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Malaysia’s two-tiered system of citizenship

Following a recent Cabinet decision which reversed patriarchal citizenship policies, Malaysia is one step closer to achieving inclusive citizenship.

Andrea González

The Global Pluralism Monitor: Malaysia highlights issues of citizenship and statelessness under the dimension of National Commitments and the indicator of Citizenship (see Monitor Methodology).

One of the issues examined in this indicator is the practice of the overseas-born children of Malaysian mothers not being entitled to be Malaysians automatically. The Constitution only permits fathers to pass down citizenship to their children born abroad. In other words, Malaysian women married to foreigners are unable to pass their citizenship to children born abroad. In recent years, Malaysia’s High Court has been subject to multiple lawsuits based on the discriminatory nature of the Constitution’s citizenship provisions. Nonetheless, even when these lawsuits have succeeded, only the mothers that were part of the suit were granted the ability to proceed with their children’s citizenship application.

This constitutional oversight has left Malaysian women, particularly those married to foreign spouses with few options in securing citizenship for their foreign-born children. In February of 2023, the Malaysian government announced plans to amend the Constitution to give automatic citizenship to the overseas-born children of Malaysian mothers, a welcome move for those working to address gender inequality in the country.  However, additional proposed amendments such as the revocation of citizenship to non-Malay wives if their marriages to Malays are dissolved within 2 years, continue to be discriminatory to women. Although these amendments mark an important first step towards achieving gender equality in Malaysia, a broader statelessness crisis must be addressed to fully achieve inclusive citizenship.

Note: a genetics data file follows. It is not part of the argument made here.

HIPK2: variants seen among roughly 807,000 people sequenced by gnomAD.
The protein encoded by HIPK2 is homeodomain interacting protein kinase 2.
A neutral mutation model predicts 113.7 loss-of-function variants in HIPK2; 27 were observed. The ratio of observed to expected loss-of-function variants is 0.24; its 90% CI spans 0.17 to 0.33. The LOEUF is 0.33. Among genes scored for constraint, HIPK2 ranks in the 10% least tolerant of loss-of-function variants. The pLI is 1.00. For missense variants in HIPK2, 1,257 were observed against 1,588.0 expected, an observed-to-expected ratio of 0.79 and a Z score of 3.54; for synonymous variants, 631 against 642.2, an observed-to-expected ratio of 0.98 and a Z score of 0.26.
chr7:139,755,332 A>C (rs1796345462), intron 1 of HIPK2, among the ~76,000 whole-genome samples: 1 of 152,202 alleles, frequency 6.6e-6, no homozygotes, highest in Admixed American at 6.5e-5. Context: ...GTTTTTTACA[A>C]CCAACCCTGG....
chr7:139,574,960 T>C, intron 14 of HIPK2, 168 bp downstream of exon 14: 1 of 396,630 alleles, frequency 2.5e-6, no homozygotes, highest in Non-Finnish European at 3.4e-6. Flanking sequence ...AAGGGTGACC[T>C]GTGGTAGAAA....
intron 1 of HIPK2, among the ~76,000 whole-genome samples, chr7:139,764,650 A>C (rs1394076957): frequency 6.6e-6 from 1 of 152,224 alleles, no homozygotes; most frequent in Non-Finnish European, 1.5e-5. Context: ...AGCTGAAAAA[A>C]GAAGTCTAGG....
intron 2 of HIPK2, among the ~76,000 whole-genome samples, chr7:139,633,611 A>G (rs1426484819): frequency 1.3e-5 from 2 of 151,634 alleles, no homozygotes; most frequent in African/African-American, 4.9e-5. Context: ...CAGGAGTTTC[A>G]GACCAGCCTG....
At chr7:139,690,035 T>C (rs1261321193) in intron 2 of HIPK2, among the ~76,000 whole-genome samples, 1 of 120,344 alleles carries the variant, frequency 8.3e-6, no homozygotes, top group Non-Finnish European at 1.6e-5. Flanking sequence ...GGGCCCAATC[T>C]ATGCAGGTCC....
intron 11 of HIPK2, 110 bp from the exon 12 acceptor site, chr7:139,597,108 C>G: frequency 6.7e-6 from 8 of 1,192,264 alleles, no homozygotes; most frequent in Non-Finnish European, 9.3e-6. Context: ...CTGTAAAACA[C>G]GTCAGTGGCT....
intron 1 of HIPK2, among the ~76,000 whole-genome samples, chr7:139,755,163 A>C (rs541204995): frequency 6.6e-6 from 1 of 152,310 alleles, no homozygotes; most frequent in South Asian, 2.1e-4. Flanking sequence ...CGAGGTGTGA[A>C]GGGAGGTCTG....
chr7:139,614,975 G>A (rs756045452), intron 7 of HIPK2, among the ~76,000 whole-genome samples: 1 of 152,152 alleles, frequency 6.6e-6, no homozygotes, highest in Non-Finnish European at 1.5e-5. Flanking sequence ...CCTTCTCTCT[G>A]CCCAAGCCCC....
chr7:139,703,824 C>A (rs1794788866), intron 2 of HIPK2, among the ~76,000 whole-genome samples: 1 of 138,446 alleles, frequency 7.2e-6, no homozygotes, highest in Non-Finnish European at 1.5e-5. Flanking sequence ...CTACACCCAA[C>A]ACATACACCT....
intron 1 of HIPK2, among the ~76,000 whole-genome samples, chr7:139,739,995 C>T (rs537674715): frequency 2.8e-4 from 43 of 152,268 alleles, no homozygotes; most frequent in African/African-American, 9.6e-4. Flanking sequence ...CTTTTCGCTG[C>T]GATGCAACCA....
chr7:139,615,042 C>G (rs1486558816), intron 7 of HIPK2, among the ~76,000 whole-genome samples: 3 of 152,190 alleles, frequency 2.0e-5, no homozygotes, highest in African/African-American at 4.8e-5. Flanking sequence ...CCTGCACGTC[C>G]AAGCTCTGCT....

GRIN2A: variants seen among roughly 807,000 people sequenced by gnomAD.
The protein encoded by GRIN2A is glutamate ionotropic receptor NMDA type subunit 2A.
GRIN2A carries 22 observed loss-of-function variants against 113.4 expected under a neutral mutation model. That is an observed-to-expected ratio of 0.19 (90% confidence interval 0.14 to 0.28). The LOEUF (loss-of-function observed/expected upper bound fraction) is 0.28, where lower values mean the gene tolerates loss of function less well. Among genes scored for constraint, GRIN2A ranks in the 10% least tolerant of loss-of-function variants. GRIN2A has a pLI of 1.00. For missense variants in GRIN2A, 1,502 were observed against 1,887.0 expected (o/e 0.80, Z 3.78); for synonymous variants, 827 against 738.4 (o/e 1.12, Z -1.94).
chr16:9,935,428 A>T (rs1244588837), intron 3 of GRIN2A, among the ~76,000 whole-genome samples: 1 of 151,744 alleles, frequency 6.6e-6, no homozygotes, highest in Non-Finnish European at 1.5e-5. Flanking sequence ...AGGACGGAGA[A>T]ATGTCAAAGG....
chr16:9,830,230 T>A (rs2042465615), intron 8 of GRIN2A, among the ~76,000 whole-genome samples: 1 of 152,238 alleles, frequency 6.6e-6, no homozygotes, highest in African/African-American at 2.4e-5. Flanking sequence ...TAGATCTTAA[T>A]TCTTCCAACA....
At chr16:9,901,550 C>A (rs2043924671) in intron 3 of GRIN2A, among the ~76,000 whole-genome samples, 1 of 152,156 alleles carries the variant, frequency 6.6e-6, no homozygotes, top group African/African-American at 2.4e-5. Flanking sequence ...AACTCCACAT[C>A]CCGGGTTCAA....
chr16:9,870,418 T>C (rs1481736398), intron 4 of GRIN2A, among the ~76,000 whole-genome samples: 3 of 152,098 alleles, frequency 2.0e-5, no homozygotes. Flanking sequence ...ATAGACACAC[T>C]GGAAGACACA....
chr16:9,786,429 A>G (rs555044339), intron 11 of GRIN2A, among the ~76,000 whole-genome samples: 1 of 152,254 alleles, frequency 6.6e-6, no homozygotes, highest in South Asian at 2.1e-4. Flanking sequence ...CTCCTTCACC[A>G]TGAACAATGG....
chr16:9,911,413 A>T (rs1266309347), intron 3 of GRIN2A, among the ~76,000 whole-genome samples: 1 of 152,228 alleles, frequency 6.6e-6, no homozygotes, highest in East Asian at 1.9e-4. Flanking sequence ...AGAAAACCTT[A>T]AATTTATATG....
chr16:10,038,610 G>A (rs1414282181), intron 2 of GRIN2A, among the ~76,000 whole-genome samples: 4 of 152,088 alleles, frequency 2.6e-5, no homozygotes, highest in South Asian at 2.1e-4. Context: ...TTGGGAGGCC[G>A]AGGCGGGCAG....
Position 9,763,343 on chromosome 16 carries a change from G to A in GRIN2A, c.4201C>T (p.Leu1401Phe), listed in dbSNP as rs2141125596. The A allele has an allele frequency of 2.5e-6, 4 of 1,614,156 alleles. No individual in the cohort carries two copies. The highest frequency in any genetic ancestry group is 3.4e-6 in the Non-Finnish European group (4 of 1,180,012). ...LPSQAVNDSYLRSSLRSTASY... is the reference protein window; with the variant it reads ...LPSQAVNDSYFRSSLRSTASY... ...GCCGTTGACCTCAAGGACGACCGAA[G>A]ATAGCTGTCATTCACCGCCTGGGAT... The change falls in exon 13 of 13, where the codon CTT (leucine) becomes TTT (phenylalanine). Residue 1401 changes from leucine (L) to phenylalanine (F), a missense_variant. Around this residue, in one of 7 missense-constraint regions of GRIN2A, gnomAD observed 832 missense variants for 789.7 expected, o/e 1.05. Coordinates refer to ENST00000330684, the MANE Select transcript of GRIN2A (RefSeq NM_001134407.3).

The government’s decision to amend the Constitution’s citizenship provisions in favour of Malaysian mothers has inspired calls to end the statelessness crisis for other groups. Malaysia’s Human Rights Commission, SUHAKAM, has spearheaded this issue in March 2023. Specifically, SUHAKAM has approached the issue with a focus on vulnerable populations, such as Indigenous groups, undocumented persons, and the children impacted.

This is not the first time that SUHAKAM has sought to address this issue. SUHAKAM commissioned a report on statelessness in Malaysia in 2021, which was published in March 2023. Amongst the recommendations provided, SUHAKAM notes the importance of increasing transparency surrounding the path to citizenship and increasing trust in institutions. These two measures are key to ensuring a path towards pluralist approaches to inclusive citizenship. The Malaysian government, however, has yet to respond to these recommendations.

To read more about citizenship for diverse groups in Malaysia, visit the Malaysia country page.